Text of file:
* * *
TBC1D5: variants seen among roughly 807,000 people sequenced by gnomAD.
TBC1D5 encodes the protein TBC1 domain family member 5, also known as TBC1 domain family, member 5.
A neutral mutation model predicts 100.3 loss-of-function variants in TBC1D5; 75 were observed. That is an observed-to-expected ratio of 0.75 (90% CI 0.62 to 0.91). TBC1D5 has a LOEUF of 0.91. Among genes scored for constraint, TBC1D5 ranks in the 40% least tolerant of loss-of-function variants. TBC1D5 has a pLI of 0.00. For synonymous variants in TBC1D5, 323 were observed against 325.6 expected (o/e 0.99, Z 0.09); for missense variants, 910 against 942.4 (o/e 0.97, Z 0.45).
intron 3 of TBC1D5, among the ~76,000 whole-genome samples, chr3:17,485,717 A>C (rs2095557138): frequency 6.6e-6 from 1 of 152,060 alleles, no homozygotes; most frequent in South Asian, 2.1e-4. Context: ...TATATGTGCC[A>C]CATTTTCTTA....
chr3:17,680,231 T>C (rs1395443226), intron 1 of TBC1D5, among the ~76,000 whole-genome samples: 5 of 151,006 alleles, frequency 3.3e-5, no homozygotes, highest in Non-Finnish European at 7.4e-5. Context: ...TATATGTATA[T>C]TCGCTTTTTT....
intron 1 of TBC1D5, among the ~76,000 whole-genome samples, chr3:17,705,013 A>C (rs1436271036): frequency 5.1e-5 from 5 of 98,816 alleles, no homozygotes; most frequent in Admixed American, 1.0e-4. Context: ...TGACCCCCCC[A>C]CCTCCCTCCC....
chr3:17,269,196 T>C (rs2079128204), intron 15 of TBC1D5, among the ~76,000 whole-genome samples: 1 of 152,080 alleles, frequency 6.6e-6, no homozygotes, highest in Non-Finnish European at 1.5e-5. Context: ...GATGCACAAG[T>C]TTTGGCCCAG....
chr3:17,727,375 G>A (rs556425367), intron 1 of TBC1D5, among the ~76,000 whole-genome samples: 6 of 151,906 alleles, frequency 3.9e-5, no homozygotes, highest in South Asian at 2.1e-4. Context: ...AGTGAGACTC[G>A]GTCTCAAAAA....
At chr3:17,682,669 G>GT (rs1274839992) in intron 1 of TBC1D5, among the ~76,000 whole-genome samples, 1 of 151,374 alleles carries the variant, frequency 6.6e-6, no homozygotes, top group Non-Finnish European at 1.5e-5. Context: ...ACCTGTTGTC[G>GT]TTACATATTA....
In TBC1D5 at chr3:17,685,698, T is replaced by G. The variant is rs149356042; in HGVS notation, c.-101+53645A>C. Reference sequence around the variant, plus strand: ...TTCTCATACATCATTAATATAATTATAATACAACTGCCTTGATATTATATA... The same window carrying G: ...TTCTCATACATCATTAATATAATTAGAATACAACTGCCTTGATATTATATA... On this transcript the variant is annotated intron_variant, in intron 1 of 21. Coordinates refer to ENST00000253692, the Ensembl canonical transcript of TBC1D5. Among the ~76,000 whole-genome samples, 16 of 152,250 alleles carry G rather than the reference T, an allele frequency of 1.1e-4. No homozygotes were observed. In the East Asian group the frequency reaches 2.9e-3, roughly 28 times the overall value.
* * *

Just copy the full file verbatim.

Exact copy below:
TBC1D5: variants seen among roughly 807,000 people sequenced by gnomAD.
TBC1D5 encodes the protein TBC1 domain family member 5, also known as TBC1 domain family, member 5.
A neutral mutation model predicts 100.3 loss-of-function variants in TBC1D5; 75 were observed. That is an observed-to-expected ratio of 0.75 (90% CI 0.62 to 0.91). TBC1D5 has a LOEUF of 0.91. Among genes scored for constraint, TBC1D5 ranks in the 40% least tolerant of loss-of-function variants. TBC1D5 has a pLI of 0.00. For synonymous variants in TBC1D5, 323 were observed against 325.6 expected (o/e 0.99, Z 0.09); for missense variants, 910 against 942.4 (o/e 0.97, Z 0.45).
intron 3 of TBC1D5, among the ~76,000 whole-genome samples, chr3:17,485,717 A>C (rs2095557138): frequency 6.6e-6 from 1 of 152,060 alleles, no homozygotes; most frequent in South Asian, 2.1e-4. Context: ...TATATGTGCC[A>C]CATTTTCTTA....
chr3:17,680,231 T>C (rs1395443226), intron 1 of TBC1D5, among the ~76,000 whole-genome samples: 5 of 151,006 alleles, frequency 3.3e-5, no homozygotes, highest in Non-Finnish European at 7.4e-5. Context: ...TATATGTATA[T>C]TCGCTTTTTT....
intron 1 of TBC1D5, among the ~76,000 whole-genome samples, chr3:17,705,013 A>C (rs1436271036): frequency 5.1e-5 from 5 of 98,816 alleles, no homozygotes; most frequent in Admixed American, 1.0e-4. Context: ...TGACCCCCCC[A>C]CCTCCCTCCC....
chr3:17,269,196 T>C (rs2079128204), intron 15 of TBC1D5, among the ~76,000 whole-genome samples: 1 of 152,080 alleles, frequency 6.6e-6, no homozygotes, highest in Non-Finnish European at 1.5e-5. Context: ...GATGCACAAG[T>C]TTTGGCCCAG....
chr3:17,727,375 G>A (rs556425367), intron 1 of TBC1D5, among the ~76,000 whole-genome samples: 6 of 151,906 alleles, frequency 3.9e-5, no homozygotes, highest in South Asian at 2.1e-4. Context: ...AGTGAGACTC[G>A]GTCTCAAAAA....
At chr3:17,682,669 G>GT (rs1274839992) in intron 1 of TBC1D5, among the ~76,000 whole-genome samples, 1 of 151,374 alleles carries the variant, frequency 6.6e-6, no homozygotes, top group Non-Finnish European at 1.5e-5. Context: ...ACCTGTTGTC[G>GT]TTACATATTA....
In TBC1D5 at chr3:17,685,698, T is replaced by G. The variant is rs149356042; in HGVS notation, c.-101+53645A>C. Reference sequence around the variant, plus strand: ...TTCTCATACATCATTAATATAATTATAATACAACTGCCTTGATATTATATA... The same window carrying G: ...TTCTCATACATCATTAATATAATTAGAATACAACTGCCTTGATATTATATA... On this transcript the variant is annotated intron_variant, in intron 1 of 21. Coordinates refer to ENST00000253692, the Ensembl canonical transcript of TBC1D5. Among the ~76,000 whole-genome samples, 16 of 152,250 alleles carry G rather than the reference T, an allele frequency of 1.1e-4. No homozygotes were observed. In the East Asian group the frequency reaches 2.9e-3, roughly 28 times the overall value.